15 Most Popular Japanese Street Foods You Must Try

Japanese Street Food

The unavailability of night market in Japan makes the street food Japanese culture less prominent than that of other Asian countries. Different kinds of savory and sweet delicacies, on the other hand, are constantly available during various festivals. If you are planning to visit Japan, you will notice that eating noodles on the side of the street on Tokyo or Osaka is not common. However, there are a few street food items to await once you go to Japan. You can try takoyaki and soft ice cream.

This article discusses the most popular Japanese street foods that you should taste if you ever visit Japan. Continue reading if you want to learn more about these Japanese street foods.

Japanese Street Food


Takoyaki (Octopus Balls)

Takoyaki is a popular street food snack and festival food consisting of a wheat flour-based batter baked in an unique molded pan. Tako (minced or diced octopus), tempura scraps (tenkasu), pickled ginger (beni shoga), and green onion (negi)are the common fillings. The balls are coated with a mixture of a savory brown sauce similar to a Worcestershire sauce, and Japanese mayonnaise, then topped with green laver (aonori) and dried bonito shavings (katsuobushi).

Yaki is derived from the Japanese word, yaku, a Japanese cooking method that means “to grill”, and may also be found in the names of other Japanese cuisines like okonomiyaki and ikayaki, and other popular Osakan dishes.

Takoyaki was initially popularized in Osaka, where it was invented in 1935 by a street vendor named Tomekichi Endo. Takoyaki was inspired by akashiyaki, a tiny spherical dumpling consisting of an egg-rich batter and octopus from Akashi, Hygo Prefecture. Takoyaki originated in the Kansai region of Japan and then moved to the Kant region and other parts of the country. Takoyaki is often linked with yatai street food stalls, however there are numerous well-established takoyaki speciality restaurants around Japan, especially in the Kansai area. Takoyaki is increasingly available at places including grocery stores and 24-hour convenience stores.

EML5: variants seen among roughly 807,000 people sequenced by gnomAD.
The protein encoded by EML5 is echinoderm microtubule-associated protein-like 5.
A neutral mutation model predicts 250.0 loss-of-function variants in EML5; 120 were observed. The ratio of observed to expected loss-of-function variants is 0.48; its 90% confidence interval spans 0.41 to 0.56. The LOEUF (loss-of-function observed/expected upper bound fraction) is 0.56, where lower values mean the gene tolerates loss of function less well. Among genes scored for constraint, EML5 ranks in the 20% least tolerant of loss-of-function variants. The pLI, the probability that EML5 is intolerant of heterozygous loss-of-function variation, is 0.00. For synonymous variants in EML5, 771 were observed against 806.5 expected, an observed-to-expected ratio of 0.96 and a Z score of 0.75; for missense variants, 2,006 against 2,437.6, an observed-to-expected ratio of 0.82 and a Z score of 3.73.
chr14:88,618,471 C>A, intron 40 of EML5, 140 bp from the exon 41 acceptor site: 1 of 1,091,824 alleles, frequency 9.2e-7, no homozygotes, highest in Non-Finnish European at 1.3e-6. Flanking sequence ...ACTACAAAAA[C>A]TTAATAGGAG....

Aizuya in Osaka is the earliest known takoyaki shop. It has been operating since the 1930s, and was founded by Tomakichi Endo. Endo used beef and konjac in the initial takoyaki, but later swapped to the now-traditional octopus and flavored the batter. The takoyaki are then served with a brown sauce that tastes like Worcestershire. As takoyaki’s cultural range has expanded in western areas of the world, it may now be consumed with a variety of toppings and tastes. The dish, called “octopus balls,” immediately gained popularity in Japan.